Visual Anthropology

‘Visual anthropology can be broadly understood as the anthropological study of the visual and the visual study of the anthropological’ (Banks, 2012).

Writing elsewhere, Banks also states: ‘most anthropologists produce visual representations in the course of their work (often photographs, but also video footage, maps, drawings and diagrams) and all societies make visible aspects of their social life and their cultural understandings. Visual anthropology is concerned with understanding the production and consumption of all these forms’ (Banks, 2017).

So, what is the relevance to my current photographic practice? By specialising in food photography, am I in fact practicing a form of visual anthropology?

I would argue that it is.

When we photograph, we are recording not only the trace of the object, but the trace of that objects purpose. Consequently, in doing so we are inevitably recording something of our society and its culture. The artefacts exist or existed, therefore, we must exist or have existed.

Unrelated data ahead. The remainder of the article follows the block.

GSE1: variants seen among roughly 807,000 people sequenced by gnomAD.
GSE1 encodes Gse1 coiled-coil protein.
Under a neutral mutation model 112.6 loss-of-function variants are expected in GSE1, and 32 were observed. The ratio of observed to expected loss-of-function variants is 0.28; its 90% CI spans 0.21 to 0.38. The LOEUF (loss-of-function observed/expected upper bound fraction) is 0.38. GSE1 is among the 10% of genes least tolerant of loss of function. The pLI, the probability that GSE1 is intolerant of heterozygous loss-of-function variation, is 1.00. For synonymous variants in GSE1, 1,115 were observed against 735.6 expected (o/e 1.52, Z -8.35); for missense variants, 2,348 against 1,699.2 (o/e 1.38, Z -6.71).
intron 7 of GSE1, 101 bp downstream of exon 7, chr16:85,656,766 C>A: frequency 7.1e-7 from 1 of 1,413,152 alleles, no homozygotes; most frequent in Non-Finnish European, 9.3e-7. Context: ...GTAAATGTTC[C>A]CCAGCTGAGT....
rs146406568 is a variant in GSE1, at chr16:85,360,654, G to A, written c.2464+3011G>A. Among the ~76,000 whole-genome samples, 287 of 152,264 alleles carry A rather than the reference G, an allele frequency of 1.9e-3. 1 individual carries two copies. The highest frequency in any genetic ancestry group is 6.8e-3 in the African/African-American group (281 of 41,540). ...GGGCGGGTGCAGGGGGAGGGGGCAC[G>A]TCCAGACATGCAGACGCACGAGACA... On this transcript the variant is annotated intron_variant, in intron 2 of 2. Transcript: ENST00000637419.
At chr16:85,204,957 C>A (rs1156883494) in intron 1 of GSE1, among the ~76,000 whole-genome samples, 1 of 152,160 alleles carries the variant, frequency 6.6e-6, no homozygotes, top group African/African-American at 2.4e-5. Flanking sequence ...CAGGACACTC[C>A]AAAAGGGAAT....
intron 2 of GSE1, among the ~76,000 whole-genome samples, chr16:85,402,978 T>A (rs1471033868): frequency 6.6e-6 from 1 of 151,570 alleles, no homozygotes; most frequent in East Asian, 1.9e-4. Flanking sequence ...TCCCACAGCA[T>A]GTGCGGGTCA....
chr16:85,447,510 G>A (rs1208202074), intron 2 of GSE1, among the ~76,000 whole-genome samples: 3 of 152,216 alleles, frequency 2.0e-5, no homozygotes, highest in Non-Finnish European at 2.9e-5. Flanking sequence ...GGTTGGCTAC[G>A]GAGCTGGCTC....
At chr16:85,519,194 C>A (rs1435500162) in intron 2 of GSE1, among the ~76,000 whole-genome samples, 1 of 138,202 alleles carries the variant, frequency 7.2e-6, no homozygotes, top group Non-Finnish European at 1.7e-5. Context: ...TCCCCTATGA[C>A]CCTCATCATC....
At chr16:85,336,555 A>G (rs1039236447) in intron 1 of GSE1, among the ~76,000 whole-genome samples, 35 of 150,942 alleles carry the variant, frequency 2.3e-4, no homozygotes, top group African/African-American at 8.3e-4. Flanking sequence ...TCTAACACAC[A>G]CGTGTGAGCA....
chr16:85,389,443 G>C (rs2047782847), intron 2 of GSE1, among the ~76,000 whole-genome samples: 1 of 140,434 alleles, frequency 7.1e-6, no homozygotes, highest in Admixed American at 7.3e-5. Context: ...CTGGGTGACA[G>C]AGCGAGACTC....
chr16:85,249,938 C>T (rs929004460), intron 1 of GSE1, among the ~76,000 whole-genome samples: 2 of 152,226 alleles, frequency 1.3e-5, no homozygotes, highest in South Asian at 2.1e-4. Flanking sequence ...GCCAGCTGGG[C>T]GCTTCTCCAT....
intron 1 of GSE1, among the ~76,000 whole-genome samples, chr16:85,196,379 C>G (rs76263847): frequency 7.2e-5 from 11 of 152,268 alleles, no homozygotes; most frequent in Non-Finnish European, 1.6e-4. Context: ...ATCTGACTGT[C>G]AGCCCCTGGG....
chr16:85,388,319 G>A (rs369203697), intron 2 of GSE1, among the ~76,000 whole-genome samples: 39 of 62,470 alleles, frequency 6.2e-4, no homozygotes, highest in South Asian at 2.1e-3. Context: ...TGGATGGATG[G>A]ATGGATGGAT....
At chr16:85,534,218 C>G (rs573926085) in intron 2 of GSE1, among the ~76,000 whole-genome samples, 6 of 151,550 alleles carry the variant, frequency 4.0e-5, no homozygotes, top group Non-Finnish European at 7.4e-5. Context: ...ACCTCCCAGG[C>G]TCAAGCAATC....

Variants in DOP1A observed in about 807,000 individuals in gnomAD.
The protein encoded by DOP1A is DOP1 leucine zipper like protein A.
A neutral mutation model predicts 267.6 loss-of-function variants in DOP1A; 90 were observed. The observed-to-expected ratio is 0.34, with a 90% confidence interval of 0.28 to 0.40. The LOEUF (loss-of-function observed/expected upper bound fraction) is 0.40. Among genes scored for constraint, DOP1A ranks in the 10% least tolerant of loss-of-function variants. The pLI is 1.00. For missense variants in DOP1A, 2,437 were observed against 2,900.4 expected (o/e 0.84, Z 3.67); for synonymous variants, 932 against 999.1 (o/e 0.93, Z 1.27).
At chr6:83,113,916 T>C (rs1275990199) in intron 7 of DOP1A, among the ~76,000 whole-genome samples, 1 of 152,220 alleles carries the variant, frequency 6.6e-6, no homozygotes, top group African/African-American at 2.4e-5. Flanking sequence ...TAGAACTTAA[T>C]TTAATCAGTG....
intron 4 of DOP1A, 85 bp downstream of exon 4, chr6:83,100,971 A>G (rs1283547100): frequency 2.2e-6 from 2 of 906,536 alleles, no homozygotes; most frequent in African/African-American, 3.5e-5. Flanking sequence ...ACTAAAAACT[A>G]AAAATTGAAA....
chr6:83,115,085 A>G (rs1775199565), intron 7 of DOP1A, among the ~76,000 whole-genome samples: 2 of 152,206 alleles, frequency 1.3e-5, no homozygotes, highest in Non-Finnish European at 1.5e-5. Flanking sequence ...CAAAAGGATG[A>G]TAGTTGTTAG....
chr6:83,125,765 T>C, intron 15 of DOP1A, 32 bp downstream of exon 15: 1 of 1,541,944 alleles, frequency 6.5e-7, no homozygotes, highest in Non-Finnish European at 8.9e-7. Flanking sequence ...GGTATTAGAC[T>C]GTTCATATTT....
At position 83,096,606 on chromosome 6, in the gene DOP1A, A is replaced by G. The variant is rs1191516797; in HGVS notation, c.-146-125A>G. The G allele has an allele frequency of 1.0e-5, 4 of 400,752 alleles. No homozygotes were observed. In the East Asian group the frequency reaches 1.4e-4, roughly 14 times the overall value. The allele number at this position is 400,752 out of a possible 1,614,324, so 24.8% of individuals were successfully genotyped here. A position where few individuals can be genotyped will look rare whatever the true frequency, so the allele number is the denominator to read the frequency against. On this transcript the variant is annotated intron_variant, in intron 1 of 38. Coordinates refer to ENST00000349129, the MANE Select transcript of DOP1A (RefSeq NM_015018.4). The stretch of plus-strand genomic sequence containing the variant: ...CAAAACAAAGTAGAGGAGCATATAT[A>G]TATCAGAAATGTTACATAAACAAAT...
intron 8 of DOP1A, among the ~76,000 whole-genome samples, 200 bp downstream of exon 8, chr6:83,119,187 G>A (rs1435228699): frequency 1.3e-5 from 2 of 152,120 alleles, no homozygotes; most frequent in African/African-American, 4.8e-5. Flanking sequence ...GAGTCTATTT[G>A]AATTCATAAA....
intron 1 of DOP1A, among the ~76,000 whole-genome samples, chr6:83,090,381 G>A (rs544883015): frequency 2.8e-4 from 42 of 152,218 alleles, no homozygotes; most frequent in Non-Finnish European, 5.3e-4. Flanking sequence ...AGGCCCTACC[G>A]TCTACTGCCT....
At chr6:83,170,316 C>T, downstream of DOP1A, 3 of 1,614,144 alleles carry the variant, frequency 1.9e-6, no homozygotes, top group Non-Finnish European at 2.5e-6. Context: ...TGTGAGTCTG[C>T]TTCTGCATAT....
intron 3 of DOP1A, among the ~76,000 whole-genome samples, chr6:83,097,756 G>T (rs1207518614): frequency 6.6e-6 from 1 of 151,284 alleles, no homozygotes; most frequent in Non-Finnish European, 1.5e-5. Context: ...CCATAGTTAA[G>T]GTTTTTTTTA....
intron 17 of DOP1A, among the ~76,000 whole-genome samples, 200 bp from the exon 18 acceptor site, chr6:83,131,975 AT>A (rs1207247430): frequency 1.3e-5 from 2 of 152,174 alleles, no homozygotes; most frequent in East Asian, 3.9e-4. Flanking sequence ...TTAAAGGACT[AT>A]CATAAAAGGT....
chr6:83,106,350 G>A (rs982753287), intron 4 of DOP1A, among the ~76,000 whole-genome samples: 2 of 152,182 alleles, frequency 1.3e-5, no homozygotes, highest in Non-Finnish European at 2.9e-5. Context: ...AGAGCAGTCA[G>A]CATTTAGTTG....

I would also argue that this holds true for all forms of photography – including landscapes, which act as proof of our human interest in our environment for aesthetic, industrial and scientific purposes.

‘Photographs are also of growing importance in research, and they have the potential to become an important element of social inquiry; this is because there is a vast and growing stock of photographs relating to social life past and present, but also because we can generate our own photos on many topics we research’ (Tinkler, 2013).

Trends come and go, arguably, trends that stay change their form – sometimes drastically. Salvage ethnography records peoples and cultures which are becoming extinct. Extinction is a fate that awaits the majority of species – it’s just a matter of time. By making visual records of ourselves, our possessions, our environment, and the things we do, we are recording a trace of our existence for both present and future generations. But, beyond that, for whom?

 

References:

Banks, Marcus (2017) ‘Visual Anthropology’, Discoveranthropology.co.uk [online]. Available at: https://www.discoveranthropology.org.uk/about-anthropology/specialist-areas/visual-anthropology.html (Accessed: Tuesday 05 September 2017)

Banks, Marcus (2012) ‘Visual Anthropology’, Oxfordbibliographies.com [online]. Available at: http://www.oxfordbibliographies.com/view/document/obo-9780199766567/obo-9780199766567-0028.xml (Accessed: Tuesday 05 September 2017)

Tinkler, Penny (2013) Using Photographs in Social and Historical Research, London: SAGE Publications Limited

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